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Student loan debt: Making the disability umbrella bigger

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Who knows what will happen to product terms or prices, but Ebola may be sales rocket fuel for anyone trying to persuade young doctors to max out on disability insurance.

Dr. Marcus Spencer, a 33-year-old medical doctor, has suddenly become one of the most famous people in the United States, for a few days, by becoming the first person in New York City to have a confirmed case of Ebola.

Spencer may be in isolation for weeks. Some of the doctors and nurses who care for him may end up facing restrictions on activities of their own, either because they themselves come down with Ebola or because of safety precautions.

It’s not clear how Spencer’s usual employer, the charity that employed him as a volunteer in Guinea, or the hospital that’s treating them will handle any Ebola-related quarantine or isolation time, but the situation has forced hundreds of thousands of health care providers around the country to think about how they would pay their bills — including sky-high student loan bills — if they were off of work for the standard three-week Ebola exposure quarantine period, the six-week period recommended by some, or even longer.

Even if Ebola fades as a concern, or insurers exclude coverage for Ebola pandemics or other types of severe pandemics from their policies, doctors may emerge from the next few weeks with a better understanding of the value of protecting income against all sorts of hazards, ranging from ordinary flu or garden-variety broken legs.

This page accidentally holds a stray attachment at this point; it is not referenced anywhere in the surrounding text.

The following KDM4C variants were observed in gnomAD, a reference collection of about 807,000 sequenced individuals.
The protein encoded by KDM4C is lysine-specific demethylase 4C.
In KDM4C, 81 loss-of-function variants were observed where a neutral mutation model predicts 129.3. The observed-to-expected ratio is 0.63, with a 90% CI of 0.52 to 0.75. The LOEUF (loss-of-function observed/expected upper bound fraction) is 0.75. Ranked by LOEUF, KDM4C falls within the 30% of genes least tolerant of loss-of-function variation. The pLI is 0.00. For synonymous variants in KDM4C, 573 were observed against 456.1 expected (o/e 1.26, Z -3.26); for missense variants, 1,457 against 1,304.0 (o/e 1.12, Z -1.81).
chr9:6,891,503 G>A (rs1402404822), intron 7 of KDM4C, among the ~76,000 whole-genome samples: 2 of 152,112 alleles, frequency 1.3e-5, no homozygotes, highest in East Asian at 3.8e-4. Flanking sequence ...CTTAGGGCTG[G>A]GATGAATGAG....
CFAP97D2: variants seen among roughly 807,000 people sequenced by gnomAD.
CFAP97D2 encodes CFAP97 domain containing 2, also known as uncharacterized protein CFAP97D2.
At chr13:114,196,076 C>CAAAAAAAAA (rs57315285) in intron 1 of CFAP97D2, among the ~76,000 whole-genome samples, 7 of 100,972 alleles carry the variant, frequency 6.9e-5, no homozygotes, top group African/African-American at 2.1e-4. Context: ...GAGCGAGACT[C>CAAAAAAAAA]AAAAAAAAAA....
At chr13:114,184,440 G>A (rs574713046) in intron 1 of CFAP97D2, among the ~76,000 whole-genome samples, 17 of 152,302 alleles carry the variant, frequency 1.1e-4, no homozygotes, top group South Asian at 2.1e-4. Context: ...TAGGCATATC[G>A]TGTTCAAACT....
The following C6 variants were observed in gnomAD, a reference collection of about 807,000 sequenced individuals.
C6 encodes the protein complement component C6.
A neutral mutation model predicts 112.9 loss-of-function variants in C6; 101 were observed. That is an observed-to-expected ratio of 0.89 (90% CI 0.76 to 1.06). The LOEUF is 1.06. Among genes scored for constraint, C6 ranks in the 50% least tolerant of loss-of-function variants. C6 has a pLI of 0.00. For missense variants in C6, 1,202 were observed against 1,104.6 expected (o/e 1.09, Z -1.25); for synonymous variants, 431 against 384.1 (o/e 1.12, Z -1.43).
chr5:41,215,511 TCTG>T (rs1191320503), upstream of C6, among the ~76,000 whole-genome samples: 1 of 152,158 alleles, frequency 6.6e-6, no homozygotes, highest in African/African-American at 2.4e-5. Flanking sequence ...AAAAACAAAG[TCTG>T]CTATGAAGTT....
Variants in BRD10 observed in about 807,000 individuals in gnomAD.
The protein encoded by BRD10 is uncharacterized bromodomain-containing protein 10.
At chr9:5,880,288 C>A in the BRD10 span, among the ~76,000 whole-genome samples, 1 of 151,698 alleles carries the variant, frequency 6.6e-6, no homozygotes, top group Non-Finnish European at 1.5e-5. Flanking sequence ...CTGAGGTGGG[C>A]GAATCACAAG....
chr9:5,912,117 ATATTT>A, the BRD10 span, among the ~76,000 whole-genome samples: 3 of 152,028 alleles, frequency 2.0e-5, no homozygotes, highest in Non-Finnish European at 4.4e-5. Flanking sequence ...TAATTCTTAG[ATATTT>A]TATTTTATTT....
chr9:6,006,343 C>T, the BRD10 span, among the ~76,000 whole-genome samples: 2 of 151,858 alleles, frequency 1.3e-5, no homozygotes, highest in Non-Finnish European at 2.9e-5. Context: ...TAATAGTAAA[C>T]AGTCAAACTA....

One barrier doctors and other medical professionals may face is that insurers try to control losses and discourage malingering by limiting the maximum ratio of monthly disability benefits available to monthly income. In some cases, highly paid doctors may come up against limits on the maximum amount of benefits an insurer will pay to any claimant through a standard disability policy. Doctors in that situation who want more protection may have to seek out brokers who specialize in helping set up jumbo disability insurance arrangements.

Another approach is for doctors to use policy add-ons that increase the amount of coverage an insurer will pay without raising frightening questions about the potential for malingering. One way some insurers get the job done is to insure the income doctors use to pay their student loans, on the theory that few purchasers will view money going to student loan issuers as an incentive to file a disability claim.

Lawrence Hazzard, vice president of product strategy for disability income at the Guardian Life Insurance Company of America, talked about student loan payment ability protection insurance in a recent e-mail interview, before the New York Ebola case put the idea of physician income interruption in the spotlight.

He said young professionals have become much more concerned about the need to protect their ability to pay back student loans in the past five years.

“The amount of student loan debt these young professionals are carrying has been the number one financial concern they share with us in focus groups,” Hazzard said. 

Dentists come out of school with an average of $240,000 in student loan debt at graduation, and doctors have an average of $160,000 in student loan debt, Hazzard said.

Hazzard noted that an individual disability policy should actually cost a professional less than 3 percent of their annual income. 


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